A Hispanic women incarcerated in a mental hospital, time travels to a utopian community of the future. The author's anger at the treatment of poor women in the mental health system is evident and still relevant thirty years after it was written.

Gender Issues

Science fiction has presented authors with an opportunity for discussion of sexuality and gender, made acceptable by the "unreality" of these situations. During the 1930s and 1940s "golden age" of science fiction, sex was rarely if ever even mentioned although there was certainly no lack of innuendo and suggestion. By mid-century, the sexuality in the writings was becoming more overt but the gender roles continued to be traditional. It was the cultural revolution of the 1960s that opened science fiction to a larger discussion of sex and gender. Subgenre of gay and lesbian fiction emerged as did a larger openness to discussing gender in mainstream science fiction.


An image of The Disappearance.

Philip Wylie.

The Disappearance. New York: Pocket Books, 1950.

Suddenly, the world is split into two worlds, identical to the one that existed a second before, but one contains only men, the other only women. The ways in which the populations cope is a reflection of the gender stereotypes of the1950s.


An image of Venus Plus X.

Theodore Sturgeon.

Venus Plus X. New York: Pyramid Books, 1960.

A 20th-century man, awakes in a future in which hunger, overpopulation, bigotry, and war have been eliminated and gender has vanished. Sturgeon was among the earliest SF authors to explore and challenge gender-role stereotypes, and the first to do so with a vision of a single-sex, androgynous human race.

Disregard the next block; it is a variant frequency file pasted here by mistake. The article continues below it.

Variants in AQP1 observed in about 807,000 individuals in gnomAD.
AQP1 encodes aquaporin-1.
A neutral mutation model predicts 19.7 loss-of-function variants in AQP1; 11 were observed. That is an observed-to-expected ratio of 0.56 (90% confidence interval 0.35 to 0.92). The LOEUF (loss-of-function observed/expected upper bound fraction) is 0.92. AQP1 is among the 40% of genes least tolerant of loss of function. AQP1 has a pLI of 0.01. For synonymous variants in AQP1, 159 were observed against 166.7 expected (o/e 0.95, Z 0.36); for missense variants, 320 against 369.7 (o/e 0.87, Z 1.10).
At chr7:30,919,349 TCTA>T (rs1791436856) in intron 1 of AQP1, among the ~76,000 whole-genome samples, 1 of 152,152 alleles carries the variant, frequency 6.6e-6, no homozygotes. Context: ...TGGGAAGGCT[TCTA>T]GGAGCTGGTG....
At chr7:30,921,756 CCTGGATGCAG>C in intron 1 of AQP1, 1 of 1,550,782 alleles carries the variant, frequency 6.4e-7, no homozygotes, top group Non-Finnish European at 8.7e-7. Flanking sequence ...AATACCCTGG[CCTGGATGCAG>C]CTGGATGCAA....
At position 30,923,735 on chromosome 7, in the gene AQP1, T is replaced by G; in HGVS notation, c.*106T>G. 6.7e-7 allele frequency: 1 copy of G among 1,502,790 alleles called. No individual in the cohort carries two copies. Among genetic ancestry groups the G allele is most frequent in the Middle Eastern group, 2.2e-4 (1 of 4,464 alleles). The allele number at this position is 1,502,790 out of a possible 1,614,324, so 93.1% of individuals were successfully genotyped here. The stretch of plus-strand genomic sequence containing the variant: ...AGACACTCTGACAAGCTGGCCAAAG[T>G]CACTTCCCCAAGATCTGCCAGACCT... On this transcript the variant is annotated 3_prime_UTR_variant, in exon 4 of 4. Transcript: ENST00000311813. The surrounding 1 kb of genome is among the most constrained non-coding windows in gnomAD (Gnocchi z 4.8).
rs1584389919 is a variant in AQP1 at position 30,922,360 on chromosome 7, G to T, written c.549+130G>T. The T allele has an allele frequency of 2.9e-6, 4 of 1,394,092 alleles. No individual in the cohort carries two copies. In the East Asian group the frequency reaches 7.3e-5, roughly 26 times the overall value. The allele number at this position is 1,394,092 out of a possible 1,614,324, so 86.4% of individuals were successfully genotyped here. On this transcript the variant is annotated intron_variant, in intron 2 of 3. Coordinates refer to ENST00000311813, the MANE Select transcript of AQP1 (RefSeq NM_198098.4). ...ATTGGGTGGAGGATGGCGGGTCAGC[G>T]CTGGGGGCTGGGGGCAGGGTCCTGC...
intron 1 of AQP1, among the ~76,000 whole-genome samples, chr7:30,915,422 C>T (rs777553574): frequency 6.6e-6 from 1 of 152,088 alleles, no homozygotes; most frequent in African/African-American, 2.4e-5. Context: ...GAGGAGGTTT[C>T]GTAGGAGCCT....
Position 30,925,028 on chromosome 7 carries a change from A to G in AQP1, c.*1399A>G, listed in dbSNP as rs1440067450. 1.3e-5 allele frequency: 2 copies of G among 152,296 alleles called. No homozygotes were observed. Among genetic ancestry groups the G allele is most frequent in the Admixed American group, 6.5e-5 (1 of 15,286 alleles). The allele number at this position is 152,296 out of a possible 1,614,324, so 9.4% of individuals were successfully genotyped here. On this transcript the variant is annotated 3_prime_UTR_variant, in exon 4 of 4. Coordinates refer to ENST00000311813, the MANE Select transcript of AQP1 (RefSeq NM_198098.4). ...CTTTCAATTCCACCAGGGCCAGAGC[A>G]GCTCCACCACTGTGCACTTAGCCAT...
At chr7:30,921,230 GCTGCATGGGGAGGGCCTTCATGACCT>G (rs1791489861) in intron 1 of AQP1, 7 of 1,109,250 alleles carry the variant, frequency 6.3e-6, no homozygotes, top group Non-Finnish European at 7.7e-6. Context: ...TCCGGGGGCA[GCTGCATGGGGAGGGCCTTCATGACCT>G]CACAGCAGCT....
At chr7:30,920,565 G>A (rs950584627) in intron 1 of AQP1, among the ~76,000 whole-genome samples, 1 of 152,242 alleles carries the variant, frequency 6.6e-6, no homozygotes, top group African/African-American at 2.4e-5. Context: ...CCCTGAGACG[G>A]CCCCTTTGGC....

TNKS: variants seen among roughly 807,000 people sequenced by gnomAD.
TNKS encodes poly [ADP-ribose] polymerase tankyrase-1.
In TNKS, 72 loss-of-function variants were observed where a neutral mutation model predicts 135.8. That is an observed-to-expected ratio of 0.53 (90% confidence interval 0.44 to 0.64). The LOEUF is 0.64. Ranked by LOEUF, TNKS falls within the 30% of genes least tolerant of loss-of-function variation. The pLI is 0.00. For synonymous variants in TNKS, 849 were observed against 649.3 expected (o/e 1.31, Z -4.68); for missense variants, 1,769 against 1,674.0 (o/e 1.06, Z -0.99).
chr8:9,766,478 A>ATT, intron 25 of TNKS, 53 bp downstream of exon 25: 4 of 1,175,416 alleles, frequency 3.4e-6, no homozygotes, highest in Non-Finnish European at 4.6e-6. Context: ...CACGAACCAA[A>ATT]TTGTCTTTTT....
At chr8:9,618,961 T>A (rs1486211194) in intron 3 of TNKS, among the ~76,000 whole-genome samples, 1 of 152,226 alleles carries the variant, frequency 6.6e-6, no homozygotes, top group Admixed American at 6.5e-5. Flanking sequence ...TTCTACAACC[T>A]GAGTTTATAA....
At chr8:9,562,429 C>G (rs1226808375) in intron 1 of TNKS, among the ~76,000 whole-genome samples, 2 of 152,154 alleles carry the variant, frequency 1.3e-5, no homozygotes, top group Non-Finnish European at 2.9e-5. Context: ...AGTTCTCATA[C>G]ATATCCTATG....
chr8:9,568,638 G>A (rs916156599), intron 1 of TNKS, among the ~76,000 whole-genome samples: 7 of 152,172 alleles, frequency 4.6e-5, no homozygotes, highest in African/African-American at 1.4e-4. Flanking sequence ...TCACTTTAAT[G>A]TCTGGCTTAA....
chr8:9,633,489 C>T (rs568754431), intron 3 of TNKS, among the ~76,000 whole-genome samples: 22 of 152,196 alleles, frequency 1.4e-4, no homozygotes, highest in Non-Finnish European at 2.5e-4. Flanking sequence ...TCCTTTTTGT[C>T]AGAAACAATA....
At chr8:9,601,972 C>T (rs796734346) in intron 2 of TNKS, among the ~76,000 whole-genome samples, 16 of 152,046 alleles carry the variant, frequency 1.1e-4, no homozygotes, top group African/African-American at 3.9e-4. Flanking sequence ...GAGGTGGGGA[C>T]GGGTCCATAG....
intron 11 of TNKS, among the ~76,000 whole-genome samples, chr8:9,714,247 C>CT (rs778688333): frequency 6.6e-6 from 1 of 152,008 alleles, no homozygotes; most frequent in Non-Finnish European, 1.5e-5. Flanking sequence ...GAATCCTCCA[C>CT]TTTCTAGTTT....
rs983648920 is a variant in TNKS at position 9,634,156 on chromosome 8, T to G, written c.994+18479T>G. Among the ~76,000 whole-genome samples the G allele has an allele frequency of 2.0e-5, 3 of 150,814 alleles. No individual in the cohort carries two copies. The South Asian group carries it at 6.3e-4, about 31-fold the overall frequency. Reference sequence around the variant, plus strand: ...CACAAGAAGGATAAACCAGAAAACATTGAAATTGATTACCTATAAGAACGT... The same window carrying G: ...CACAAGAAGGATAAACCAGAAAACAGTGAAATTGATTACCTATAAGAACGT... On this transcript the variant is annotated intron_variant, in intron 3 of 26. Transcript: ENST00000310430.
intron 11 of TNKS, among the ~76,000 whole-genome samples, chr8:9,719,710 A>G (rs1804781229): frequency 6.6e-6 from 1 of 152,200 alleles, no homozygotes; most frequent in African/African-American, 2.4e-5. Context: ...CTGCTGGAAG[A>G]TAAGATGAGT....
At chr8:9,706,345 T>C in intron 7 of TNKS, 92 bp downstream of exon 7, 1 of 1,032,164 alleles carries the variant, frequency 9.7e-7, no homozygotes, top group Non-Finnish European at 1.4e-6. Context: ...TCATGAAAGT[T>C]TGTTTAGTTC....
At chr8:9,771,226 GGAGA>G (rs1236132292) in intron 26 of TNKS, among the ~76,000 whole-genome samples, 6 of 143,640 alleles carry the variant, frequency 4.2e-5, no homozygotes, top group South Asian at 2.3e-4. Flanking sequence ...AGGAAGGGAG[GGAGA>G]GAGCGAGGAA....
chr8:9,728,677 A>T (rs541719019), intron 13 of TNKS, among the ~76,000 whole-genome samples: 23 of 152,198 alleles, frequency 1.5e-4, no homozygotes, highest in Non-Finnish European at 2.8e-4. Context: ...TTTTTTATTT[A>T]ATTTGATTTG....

Joe Haldeman.

The Forever War. New York: Ballantine Books, 1974.

An exploration of the nature and consequences of war as told through the eyes of a soldier living through a thousand years interstellar conflict. He must deal with the fact that homosexuality has become the norm and that his heterosexuality makes him a social oddity.

Marion Zimmer Bradley.

The Heritage of Hastur. New York: DAW Books, 1975.

A young man, heir to the ruling family of the planet Darkover, comes to accept his homosexuality in the midst of political intrigue and changing relationships with visitors from other planets.

An image of Stars in my Pocket.

Samuel R. Delany.

Stars in My Pocket Like Grains of Sand. New York: Bantam, 1985.

The novel takes place in a far future in which human societies have developed divergently on many planets. On the Sygn world sexual relationships take many forms:monogamous, promiscuous, anonymous, and interspecies. The hero's romantic affair with a freed male slave from a destroyed world deals with issues of class as well as gender.


Steve Perry.

Matadora. New York: Ace, 1986.

Matadora tells the story of a lesbian fighter being drawn into a group opposed to the increasingly tyrannical and corrupt government.

Katherine V. Forrest.

Daughters of a Coral Dawn. Tallahassee, FL: NAIAD, 1989.

A blend of science fiction and lesbian romance novel, this tells of a collective of women who leave Earth to start an all-female society on the distant planet which they name Maternas.